January 17, 2008

The past meets the future

As many who read this Curling Today blog will know, I have an interest in the sport's history and traditions, as well as what is happening 'today'. So I was delighted that the organisers of the Glynhill International at Braehead chose to go with an unusual trophy for the event. The 'Ladies International Curling Kettle', as the trophy has been named, is an old toddy kettle in the shape of a curling stone. David B Smith describes it here.

The trophy is unusual... and valuable! It was gifted to the organisers by Leslie Ingram-Brown.

What's happening this weekend at Braehead is a far cry from the traditional outside curling when toddy kettles might have been in use! How things have changed in recent years. When I began my curling career, there were few women on the ice. When the first women's world championship was held in Perth in 1979, very few young women curled in Scotland. Now, in 2008, the women's game is as competitive as it ever has been, the standard of play high, even though the numbers playing competitively here in Scotland are not perhaps as great as we would like. Internationally, women's curling is flourishing. It is attractive to watch, and it's colourful. Braehead this weekend is NOT going to be a sea of black - as it was at the Ramada Perth Masters recently when more than half of the men's teams on the ice sported dark coloured uniforms.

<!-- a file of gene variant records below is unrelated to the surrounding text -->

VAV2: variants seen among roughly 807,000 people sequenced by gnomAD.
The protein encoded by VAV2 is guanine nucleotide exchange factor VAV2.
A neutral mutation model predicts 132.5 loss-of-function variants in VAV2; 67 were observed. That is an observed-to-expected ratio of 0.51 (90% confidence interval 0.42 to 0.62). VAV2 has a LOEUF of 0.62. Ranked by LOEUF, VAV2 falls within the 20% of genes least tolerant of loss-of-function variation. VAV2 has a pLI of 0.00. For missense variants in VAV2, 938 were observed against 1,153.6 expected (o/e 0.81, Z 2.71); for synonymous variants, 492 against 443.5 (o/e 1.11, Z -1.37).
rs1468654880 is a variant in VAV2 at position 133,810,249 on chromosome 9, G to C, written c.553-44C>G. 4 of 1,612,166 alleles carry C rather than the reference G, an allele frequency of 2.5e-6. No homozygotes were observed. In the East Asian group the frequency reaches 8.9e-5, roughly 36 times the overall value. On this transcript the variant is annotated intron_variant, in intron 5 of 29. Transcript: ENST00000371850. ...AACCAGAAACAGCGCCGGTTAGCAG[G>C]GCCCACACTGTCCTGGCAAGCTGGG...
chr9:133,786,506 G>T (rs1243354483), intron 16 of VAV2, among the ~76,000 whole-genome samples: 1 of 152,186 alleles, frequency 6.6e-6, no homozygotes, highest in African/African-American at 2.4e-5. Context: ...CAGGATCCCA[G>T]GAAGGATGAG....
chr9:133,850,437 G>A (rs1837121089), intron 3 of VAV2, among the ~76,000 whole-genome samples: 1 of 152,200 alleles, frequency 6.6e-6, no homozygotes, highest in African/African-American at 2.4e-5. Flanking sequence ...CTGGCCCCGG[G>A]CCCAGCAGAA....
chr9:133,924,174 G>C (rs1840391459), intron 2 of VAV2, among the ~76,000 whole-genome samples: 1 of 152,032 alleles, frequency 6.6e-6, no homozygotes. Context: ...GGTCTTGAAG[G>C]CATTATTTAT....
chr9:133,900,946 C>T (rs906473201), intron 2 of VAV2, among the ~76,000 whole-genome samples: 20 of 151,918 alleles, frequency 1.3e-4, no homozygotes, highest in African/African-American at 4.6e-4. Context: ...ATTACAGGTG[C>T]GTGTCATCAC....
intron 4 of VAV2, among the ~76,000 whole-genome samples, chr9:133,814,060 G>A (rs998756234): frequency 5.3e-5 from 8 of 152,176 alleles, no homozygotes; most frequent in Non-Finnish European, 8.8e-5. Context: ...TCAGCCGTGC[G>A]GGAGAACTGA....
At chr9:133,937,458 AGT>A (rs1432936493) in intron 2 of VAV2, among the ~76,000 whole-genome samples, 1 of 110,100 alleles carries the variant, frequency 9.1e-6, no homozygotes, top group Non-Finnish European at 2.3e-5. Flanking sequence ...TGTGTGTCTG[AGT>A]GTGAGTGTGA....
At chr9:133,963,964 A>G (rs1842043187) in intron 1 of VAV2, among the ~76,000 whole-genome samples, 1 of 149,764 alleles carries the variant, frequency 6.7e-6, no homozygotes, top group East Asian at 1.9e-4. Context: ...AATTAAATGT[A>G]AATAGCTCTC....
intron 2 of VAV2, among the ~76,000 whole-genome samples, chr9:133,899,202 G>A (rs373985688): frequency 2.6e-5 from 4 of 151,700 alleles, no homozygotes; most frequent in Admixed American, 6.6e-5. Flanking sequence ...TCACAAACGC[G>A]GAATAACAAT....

Who to look out for this weekend? Three pics below. More to come after play gets underway Friday morning, and of course some will appear in February's Scottish Curler magazine. The results from Braehead will be on the event website here.

Russia's Ludmilla Privikova at the European Championships (photo by Bob).

Lene Nielsen of Denmark (photo by Richard Gray).

Calendar girl Jackie Lockhart plays third for Scotland's Kelly Wood team who were runners-up at the European Championships (photo by Richard Gray).

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